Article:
Select Page

Scientific Report

Kelt Reconditioning and Reproductive Success Evaluation Research: 2014 Annual Technical Report

Abstract

The Kelt Reconditioning and Reproductive Success Evaluation Project is a research, monitoring, and evaluation (RM&E) uncertainties category project funded through the Columbia Basin Fish Accords. The objectives are to evaluate methodologies to produce viable artificially reconditioned repeat steelhead spawners and to determine the productivity of repeat spawners. Work occurs in the Yakima and Snake river basins. We focused on collecting steelhead kelts at juvenile bypass facilities in Prosser and Lower Granite dams, and additionally some fish were collected at Dworshak National Fish Hatchery, and the Fish Creek weir. These kelts were reconditioned (given prophylactic treatments and fed a specially formulated diet) at Prosser and Dworshak National fish hatcheries.   Survival to fall of long-term reconditioned steelhead was 61% at Prosser and 30% at Dworskak hatcheries in 2014. Using estradiol assays, we have established that steelhead rematuration rates vary annually and spatially and range from 10.4% to 80.0%. We have also determined from our study streams kelts can remature as consecutive or skip spawners, typically returning to spawn in 5 or 6 months after kelting or 17 to 18 months later. We characterized the outmigrating Snake River kelt run as primarily composed of Salmon, Grand Ronde, and the Imnaha populations based on GSI analysis at Lower Granite Dam. A total of 34 reconditioned B-run steelhead were released below Bonneville Dam in 2014 to address Reasonable and Prudent Alternative 33 of the FCRSP Biological Opinion. We air-spawned a group of maiden Dworshak Hatchery steelhead in 2013. These fish were then reconditioned and rematuring fish were air-spawned as repeat spawners in 2014 to compare performance between maiden and repeat spawnings. Comparisons of fecundity, fertilization rate, and egg size variables revealed that repeat spawners had larger eggs and a greater abundance of eggs and no differences in fertilization rates were detected. Reproductive success of reconditioned steelhead was confirmed in the Yakima River with assignments of 23 juvenile fish to 11 unique parents. A work plan was developed and approved to use the Cle Elum Hatchery spawning channel to improve reproductive success estimates for reconditioned kelt steelhead. Fish will be stocked in the channel in 2015.   We used radio telemetry in 2014 to track 19 reconditioned kelts to spawning streams to refine our estimates of production in the Yakima River and its tributaries. We developed a model to examine population recovery from the perspective of a kelt reconditioning program.   The model mimics iteroparity in ways explicit to body condition, reconditioning, and release method. We have shown that repeat spawners could contribute up to 10% of spawning if sufficient kelts are captured and reconditioned, consistent with existing data on survival and maturation rates and estimates of repeat spawner fecundity. This modeling tool provides the means to examine several questions regarding potential avenues for recovery, and management options for doing so. Our team published 5 manuscripts and gave 14 professional presentations in 2014.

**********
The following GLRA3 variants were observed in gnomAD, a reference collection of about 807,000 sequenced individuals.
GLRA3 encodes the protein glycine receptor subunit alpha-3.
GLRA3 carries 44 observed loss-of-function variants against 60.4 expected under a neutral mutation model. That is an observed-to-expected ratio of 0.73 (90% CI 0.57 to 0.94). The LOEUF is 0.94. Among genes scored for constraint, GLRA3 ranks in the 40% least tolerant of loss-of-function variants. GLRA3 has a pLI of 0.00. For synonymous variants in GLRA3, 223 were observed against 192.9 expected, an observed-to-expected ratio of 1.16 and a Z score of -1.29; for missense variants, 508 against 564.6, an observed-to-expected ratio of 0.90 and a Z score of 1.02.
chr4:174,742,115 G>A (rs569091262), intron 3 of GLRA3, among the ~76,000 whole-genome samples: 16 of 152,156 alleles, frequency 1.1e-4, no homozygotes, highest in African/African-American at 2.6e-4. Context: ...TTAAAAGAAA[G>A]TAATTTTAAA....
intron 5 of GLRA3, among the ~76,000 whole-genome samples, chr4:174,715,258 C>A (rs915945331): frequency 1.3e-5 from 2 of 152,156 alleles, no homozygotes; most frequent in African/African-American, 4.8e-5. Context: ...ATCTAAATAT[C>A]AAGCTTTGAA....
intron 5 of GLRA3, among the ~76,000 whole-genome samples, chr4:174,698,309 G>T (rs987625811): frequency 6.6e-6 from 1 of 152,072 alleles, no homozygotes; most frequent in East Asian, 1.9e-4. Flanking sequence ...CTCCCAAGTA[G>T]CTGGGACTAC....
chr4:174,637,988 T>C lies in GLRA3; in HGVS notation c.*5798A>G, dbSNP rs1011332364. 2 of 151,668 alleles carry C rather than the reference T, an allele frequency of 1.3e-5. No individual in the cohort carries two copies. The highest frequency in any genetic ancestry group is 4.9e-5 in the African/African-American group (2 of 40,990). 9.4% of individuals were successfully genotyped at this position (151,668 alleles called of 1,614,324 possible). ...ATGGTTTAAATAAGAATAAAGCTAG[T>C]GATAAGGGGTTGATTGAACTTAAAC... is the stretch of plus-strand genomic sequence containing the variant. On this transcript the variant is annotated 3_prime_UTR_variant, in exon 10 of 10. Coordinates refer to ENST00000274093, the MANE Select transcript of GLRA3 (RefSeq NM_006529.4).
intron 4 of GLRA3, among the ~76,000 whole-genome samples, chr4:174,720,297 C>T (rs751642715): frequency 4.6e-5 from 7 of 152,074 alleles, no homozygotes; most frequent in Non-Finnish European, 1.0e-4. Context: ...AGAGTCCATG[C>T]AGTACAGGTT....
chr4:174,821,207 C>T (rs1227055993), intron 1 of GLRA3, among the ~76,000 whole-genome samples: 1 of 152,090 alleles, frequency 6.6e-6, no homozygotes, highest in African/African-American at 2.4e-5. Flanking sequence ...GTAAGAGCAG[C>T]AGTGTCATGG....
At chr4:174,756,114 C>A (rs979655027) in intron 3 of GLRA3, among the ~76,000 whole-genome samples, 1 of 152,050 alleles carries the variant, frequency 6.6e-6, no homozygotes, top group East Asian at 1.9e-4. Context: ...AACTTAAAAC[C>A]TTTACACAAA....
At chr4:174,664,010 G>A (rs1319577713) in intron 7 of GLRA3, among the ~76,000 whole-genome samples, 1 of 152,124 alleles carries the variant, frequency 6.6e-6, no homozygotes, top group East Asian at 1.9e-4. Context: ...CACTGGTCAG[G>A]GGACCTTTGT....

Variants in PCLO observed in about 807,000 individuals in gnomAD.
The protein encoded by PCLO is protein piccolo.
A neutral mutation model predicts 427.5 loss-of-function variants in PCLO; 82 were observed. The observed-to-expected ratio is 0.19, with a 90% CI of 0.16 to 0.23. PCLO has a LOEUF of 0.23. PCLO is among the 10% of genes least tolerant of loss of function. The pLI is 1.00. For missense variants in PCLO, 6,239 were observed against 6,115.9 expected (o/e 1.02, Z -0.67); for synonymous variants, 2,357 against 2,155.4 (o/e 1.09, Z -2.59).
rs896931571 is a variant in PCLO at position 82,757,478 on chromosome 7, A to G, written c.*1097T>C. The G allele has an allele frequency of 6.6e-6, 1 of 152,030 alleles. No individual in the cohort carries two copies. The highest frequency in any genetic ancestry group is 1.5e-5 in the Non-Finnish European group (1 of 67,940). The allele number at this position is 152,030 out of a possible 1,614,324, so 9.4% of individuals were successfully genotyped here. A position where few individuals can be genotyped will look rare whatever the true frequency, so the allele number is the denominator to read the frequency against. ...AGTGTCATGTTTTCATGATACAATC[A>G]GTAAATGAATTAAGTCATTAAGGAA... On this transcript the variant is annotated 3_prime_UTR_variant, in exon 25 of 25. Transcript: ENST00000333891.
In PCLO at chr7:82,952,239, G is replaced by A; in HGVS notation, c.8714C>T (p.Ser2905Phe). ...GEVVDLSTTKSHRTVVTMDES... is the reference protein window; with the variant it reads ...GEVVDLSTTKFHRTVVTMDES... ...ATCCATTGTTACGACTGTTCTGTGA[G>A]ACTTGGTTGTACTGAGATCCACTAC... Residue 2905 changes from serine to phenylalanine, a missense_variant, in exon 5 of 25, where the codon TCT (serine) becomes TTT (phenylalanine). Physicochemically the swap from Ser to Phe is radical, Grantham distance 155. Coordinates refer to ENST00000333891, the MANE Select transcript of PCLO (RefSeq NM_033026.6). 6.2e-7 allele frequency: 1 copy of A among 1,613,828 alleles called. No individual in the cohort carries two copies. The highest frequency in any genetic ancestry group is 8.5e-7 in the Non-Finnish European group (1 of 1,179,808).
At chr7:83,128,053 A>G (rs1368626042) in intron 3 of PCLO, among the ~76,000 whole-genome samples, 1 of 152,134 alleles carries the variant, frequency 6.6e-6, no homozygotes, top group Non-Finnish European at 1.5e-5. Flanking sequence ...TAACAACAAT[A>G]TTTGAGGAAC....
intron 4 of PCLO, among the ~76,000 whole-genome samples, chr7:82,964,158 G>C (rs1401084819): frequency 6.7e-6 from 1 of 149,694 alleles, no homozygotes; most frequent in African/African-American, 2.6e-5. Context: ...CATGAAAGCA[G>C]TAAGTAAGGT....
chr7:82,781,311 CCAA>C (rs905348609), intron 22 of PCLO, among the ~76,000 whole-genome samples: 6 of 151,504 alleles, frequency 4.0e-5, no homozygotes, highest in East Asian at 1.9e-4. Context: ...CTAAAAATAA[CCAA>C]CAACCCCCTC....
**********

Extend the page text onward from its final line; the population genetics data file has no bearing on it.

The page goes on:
Authors

Doug Hatch, Ryan BranstetterJeff Stephenson, Andrew Pierce, Andrew Matala, Robert Lessard, William Bosch, Scott Everett, Jeremiah Newell, Neil Graham, Laura Jenkins, Maeghan Elliott, Lucius Caldwell, Tim Cavileer, James Nagler, Micheal Fiander, Chris Frederickson, Joe Blodgett, David Fast, John Whiteaker, and Rebecca Johnson

Citation

Hatch, D., Branstetter R., Stephenson J., Pierce A., Matala A., Lessard R., Bosch W., Everett S., Newell J., Graham N., Jenkins L., Elliott, M., Caldwell, L., Cavileer T., Nagler, J., Fiander M., Frederickson C., Blodgett J., Fast D., Whiteaker J., Johnson R. Kelt Reconditioning and Reproductive Success Evaluation Research. 1/1/2014 - 12/31/2014 Annual Report 15-04, 2007-401-00. 165p.

Date

Apr 8th, 2015

Report No.

15-04

Media Type

Inter-Agency Report

Pin It on Pinterest